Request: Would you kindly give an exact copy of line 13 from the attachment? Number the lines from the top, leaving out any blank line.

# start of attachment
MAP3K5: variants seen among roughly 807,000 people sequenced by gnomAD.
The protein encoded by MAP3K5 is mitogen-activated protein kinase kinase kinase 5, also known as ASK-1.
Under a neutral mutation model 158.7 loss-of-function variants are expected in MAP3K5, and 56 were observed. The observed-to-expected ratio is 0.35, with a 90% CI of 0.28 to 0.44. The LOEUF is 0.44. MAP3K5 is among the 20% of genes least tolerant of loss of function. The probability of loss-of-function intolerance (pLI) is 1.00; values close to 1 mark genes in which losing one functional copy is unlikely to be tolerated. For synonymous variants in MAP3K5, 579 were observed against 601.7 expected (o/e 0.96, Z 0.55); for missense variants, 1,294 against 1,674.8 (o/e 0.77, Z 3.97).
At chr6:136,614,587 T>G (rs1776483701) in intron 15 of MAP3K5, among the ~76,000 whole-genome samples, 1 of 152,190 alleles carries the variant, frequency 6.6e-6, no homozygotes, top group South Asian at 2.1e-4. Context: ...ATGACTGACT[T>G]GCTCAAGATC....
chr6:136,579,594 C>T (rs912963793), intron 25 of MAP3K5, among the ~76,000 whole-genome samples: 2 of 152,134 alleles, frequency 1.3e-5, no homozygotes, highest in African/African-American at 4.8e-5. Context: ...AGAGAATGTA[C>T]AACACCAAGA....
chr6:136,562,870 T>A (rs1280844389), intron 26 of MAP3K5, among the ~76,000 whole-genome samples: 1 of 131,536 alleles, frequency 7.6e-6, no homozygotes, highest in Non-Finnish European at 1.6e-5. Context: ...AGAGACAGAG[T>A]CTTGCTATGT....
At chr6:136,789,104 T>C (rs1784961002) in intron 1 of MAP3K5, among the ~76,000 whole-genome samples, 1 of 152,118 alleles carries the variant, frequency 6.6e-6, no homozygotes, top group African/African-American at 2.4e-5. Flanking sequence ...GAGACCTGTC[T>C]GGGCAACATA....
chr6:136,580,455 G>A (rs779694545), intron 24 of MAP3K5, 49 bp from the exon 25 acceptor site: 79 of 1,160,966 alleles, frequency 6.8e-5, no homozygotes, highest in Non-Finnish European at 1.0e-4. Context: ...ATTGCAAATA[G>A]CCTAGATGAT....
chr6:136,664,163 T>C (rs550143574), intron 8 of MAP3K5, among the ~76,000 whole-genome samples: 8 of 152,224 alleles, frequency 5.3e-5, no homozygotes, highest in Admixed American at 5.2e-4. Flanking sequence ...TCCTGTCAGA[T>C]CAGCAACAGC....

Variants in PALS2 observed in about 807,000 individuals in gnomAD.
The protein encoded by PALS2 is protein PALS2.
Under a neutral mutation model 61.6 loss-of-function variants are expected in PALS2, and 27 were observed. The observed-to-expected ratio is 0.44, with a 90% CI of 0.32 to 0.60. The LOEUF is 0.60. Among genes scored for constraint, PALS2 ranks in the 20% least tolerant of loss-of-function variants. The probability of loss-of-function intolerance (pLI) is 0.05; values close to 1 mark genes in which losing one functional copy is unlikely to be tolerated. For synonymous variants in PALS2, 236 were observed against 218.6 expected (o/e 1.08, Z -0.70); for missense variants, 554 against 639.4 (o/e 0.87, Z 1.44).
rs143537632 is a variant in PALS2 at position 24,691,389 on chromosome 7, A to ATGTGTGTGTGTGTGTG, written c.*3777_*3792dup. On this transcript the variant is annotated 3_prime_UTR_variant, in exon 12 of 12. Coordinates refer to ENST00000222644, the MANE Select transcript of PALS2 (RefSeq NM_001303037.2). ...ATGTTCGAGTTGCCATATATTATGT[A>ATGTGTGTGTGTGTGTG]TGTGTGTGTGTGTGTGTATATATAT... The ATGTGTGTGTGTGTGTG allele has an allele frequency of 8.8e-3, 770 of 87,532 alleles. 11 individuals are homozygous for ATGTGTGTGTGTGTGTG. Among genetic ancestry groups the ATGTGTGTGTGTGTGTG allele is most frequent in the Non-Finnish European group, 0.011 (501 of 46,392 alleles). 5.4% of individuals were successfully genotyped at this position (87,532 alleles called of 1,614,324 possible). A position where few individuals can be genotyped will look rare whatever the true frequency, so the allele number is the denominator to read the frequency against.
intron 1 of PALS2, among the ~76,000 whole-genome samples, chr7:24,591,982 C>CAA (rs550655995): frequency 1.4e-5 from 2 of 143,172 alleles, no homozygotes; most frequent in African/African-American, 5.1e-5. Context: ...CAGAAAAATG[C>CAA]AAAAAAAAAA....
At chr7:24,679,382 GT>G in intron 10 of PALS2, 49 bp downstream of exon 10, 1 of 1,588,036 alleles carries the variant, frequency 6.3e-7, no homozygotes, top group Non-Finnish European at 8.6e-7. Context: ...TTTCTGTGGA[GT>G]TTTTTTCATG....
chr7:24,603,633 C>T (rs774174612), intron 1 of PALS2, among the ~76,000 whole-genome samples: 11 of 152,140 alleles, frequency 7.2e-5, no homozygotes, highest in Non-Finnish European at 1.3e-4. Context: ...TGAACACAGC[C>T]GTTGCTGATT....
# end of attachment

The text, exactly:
rs143537632 is a variant in PALS2 at position 24,691,389 on chromosome 7, A to ATGTGTGTGTGTGTGTG, written c.*3777_*3792dup. On this transcript the variant is annotated 3_prime_UTR_variant, in exon 12 of 12. Coordinates refer to ENST00000222644, the MANE Select transcript of PALS2 (RefSeq NM_001303037.2). ...ATGTTCGAGTTGCCATATATTATGT[A>ATGTGTGTGTGTGTGTG]TGTGTGTGTGTGTGTGTATATATAT... The ATGTGTGTGTGTGTGTG allele has an allele frequency of 8.8e-3, 770 of 87,532 alleles. 11 individuals are homozygous for ATGTGTGTGTGTGTGTG. Among genetic ancestry groups the ATGTGTGTGTGTGTGTG allele is most frequent in the Non-Finnish European group, 0.011 (501 of 46,392 alleles). 5.4% of individuals were successfully genotyped at this position (87,532 alleles called of 1,614,324 possible). A position where few individuals can be genotyped will look rare whatever the true frequency, so the allele number is the denominator to read the frequency against.